NASA Technical Reports Server NTRS 20150016006: Evidence Report: Risk of Cardiovascular Disease and Other Degenerative Tissue Effects from Radiation ExposureReportar como inadecuado



 NASA Technical Reports Server NTRS 20150016006: Evidence Report: Risk of Cardiovascular Disease and Other Degenerative Tissue Effects from Radiation Exposure


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Occupational radiation exposure from the space environment may result in non-cancer or non-CNS degenerative tissue diseases, such as cardiovascular disease, cataracts, and respiratory or digestive diseases. However, the magnitude of influence and mechanisms of action of radiation leading to these diseases are not well characterized. Radiation and synergistic effects of radiation cause DNA damage, persistent oxidative stress, chronic inflammation, and accelerated tissue aging and degeneration, which may lead to acute or chronic disease of susceptible organ tissues. In particular, cardiovascular pathologies such as atherosclerosis are of major concern following gamma-ray exposure. This provides evidence for possible degenerative tissue effects following exposures to ionizing radiation in the form of the GCR or SPEs expected during long-duration spaceflight. However, the existence of low dose thresholds and dose-rate and radiation quality effects, as well as mechanisms and major risk pathways, are not well-characterized. Degenerative disease risks are difficult to assess because multiple factors, including radiation, are believed to play a role in the etiology of the diseases. As additional evidence is pointing to lower, space-relevant thresholds for these degenerative effects, particularly for cardiovascular disease, additional research with cell and animal studies is required to quantify the magnitude of this risk, understand mechanisms, and determine if additional protection strategies are required.The NASA PEL Permissive Exposure Limits for cataract and cardiovascular risks are based on existing human epidemiology data. Although animal and clinical astronaut data show a significant increase in cataracts following exposure and a reassessment of atomic bomb A-bomb data suggests an increase in cardiovascular disease from radiation exposure, additional research is required to fully understand and quantify these adverse outcomes at lower doses less than 0.5 gray SI unit for ionizing radiation dosage, i.e. one joule of radiation energy per one kilogram of matter to facilitate risk prediction. This risk has considerable uncertainty associated with it, and no acceptable model for projecting degenerative tissue risk is currently available. In particular, risk factors such as obesity, alcohol, and tobacco use can act as confounding factors that contribute to the large uncertainties. The PELs could be violated under certain scenarios, including following a large SPE solar proton event or long-term GCR galactic cosmic ray exposure. Specifically, for a Mars mission, the accumulated dose is sufficiently high that epidemiology data and preliminary risk estimates suggest a significant risk for cardiovascular disease. Ongoing research in this area is intended to provide the evidence base for accurate risk quantification to determine criticality for extended duration missions. Data specific to the space radiation environment must be compiled to quantify the magnitude of this risk to decrease the uncertainty in current PELs and to determine if additional protection strategies are required. New research results could lead to estimates of cumulative radiation risk from CNS and degenerative tissue diseases that, when combined with the cancer risk, may have major negative impacts on mission design, costs, schedule, and crew selection. The current report amends an earlier report Human Research Program Requirements Document, HRP-47052, Rev. C, dated Jan 2009 in order to provide an update of evidence since 2009.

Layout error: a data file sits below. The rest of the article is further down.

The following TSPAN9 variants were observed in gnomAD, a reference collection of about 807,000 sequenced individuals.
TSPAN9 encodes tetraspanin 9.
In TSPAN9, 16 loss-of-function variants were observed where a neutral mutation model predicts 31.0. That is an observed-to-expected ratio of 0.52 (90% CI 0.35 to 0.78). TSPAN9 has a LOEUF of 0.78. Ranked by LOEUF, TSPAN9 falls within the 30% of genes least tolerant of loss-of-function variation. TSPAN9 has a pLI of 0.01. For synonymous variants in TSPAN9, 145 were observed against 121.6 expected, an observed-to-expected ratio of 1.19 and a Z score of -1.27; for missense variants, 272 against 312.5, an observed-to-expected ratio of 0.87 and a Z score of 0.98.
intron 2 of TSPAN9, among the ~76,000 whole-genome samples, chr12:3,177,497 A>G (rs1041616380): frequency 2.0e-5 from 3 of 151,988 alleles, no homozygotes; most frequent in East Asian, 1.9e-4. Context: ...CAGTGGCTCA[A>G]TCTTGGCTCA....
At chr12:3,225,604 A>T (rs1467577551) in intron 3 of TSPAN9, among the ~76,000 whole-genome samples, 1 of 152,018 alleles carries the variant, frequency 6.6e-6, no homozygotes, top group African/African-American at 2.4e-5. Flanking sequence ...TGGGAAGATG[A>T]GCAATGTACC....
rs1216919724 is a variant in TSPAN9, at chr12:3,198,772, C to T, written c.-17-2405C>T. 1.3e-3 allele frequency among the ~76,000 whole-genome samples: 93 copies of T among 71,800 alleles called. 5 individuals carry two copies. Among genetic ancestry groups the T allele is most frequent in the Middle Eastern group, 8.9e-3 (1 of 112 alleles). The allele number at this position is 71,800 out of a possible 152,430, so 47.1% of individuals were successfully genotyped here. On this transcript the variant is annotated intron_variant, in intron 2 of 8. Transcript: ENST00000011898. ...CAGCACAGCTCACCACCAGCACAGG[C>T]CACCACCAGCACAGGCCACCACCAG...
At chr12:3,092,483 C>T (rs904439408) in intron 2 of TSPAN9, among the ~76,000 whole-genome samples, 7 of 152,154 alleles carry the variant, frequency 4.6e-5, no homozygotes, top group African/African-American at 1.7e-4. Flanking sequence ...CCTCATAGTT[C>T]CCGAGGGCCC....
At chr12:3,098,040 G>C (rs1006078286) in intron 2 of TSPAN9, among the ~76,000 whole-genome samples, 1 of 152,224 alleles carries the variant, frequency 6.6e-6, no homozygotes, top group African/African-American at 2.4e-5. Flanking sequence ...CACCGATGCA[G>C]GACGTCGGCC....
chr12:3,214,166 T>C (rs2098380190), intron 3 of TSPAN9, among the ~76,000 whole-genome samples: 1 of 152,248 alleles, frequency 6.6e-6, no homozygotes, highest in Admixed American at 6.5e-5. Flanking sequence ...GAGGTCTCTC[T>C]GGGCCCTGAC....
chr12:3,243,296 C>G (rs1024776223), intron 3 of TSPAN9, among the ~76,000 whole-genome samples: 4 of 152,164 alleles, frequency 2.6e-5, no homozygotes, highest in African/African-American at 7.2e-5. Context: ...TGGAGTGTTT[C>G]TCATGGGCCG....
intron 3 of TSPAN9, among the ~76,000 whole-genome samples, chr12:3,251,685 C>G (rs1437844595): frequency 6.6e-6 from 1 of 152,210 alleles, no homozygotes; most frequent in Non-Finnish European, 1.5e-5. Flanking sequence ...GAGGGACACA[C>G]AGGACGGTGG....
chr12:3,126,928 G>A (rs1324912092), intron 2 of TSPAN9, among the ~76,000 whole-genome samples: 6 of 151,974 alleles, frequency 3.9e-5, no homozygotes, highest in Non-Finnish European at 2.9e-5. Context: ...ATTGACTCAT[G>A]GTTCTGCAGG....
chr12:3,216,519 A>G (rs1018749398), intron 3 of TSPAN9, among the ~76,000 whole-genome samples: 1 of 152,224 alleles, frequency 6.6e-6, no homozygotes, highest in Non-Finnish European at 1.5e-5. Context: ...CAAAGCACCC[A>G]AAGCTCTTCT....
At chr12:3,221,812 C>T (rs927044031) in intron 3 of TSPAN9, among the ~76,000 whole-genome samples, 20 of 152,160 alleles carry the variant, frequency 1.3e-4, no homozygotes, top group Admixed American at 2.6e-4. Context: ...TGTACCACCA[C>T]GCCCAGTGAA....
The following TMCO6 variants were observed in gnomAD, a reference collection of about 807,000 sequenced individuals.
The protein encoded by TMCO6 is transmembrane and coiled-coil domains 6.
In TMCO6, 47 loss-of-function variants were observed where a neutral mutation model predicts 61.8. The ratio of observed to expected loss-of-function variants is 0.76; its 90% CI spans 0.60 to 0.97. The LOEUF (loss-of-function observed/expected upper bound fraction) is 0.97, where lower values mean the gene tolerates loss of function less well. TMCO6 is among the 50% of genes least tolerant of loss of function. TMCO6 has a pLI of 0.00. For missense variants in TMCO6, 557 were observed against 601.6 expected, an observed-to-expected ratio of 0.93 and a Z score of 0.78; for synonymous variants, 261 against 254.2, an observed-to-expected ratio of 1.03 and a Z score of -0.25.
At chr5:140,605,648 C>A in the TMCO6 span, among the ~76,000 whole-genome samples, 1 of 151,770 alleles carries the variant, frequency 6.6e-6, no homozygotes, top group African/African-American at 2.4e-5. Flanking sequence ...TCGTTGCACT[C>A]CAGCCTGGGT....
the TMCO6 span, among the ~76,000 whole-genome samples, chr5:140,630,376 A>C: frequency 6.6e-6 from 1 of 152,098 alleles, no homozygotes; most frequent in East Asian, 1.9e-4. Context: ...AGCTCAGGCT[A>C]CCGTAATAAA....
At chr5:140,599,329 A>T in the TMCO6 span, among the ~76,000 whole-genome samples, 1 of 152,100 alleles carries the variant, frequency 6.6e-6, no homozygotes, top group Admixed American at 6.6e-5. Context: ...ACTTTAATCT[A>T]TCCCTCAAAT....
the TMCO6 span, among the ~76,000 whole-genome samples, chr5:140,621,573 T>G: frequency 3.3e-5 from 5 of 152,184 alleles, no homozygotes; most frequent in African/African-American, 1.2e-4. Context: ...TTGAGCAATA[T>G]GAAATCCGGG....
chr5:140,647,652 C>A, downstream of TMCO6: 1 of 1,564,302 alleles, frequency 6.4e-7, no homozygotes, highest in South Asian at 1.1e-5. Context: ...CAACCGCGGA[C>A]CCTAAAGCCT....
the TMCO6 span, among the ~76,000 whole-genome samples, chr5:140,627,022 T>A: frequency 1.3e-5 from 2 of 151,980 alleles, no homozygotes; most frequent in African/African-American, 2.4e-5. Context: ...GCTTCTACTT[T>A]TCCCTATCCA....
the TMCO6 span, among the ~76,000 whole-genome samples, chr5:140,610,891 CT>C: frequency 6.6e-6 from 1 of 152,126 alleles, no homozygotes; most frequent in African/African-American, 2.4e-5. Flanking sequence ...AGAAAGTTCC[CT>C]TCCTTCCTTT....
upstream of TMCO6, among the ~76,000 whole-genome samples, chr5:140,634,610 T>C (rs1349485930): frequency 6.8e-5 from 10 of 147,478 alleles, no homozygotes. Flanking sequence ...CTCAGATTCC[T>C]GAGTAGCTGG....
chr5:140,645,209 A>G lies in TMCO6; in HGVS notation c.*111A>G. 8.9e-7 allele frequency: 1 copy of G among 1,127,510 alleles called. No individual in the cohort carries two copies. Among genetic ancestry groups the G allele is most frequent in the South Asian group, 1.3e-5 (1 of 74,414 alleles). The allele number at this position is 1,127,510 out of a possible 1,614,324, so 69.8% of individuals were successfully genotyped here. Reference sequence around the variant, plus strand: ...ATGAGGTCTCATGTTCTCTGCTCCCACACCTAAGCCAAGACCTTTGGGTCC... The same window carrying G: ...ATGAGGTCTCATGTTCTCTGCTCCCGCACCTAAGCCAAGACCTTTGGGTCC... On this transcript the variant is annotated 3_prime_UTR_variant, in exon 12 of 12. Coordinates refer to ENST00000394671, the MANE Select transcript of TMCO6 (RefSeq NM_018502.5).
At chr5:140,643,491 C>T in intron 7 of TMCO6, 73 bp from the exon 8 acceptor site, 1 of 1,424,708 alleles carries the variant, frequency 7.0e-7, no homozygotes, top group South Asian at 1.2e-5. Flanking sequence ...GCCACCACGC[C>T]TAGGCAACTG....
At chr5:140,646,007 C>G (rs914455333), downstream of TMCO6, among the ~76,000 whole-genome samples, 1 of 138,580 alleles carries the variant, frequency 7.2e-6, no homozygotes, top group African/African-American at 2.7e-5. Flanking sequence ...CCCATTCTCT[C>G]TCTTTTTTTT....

Autor: NASA Technical Reports Server (NTRS)

Fuente: https://archive.org/







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